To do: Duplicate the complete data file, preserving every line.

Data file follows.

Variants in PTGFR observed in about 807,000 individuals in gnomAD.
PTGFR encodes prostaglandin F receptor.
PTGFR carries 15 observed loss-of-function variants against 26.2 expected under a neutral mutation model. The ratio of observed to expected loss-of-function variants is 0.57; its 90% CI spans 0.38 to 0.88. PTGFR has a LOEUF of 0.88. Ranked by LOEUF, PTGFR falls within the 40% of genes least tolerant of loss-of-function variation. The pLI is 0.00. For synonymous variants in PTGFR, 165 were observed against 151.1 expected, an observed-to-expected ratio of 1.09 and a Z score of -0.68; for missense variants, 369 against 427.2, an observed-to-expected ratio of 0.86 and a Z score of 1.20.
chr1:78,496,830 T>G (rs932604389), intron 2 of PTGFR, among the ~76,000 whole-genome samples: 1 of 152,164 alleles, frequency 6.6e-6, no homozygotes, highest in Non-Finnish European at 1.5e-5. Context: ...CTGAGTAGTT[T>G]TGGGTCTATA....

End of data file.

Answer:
Variants in PTGFR observed in about 807,000 individuals in gnomAD.
PTGFR encodes prostaglandin F receptor.
PTGFR carries 15 observed loss-of-function variants against 26.2 expected under a neutral mutation model. The ratio of observed to expected loss-of-function variants is 0.57; its 90% CI spans 0.38 to 0.88. PTGFR has a LOEUF of 0.88. Ranked by LOEUF, PTGFR falls within the 40% of genes least tolerant of loss-of-function variation. The pLI is 0.00. For synonymous variants in PTGFR, 165 were observed against 151.1 expected, an observed-to-expected ratio of 1.09 and a Z score of -0.68; for missense variants, 369 against 427.2, an observed-to-expected ratio of 0.86 and a Z score of 1.20.
chr1:78,496,830 T>G (rs932604389), intron 2 of PTGFR, among the ~76,000 whole-genome samples: 1 of 152,164 alleles, frequency 6.6e-6, no homozygotes, highest in Non-Finnish European at 1.5e-5. Context: ...CTGAGTAGTT[T>G]TGGGTCTATA....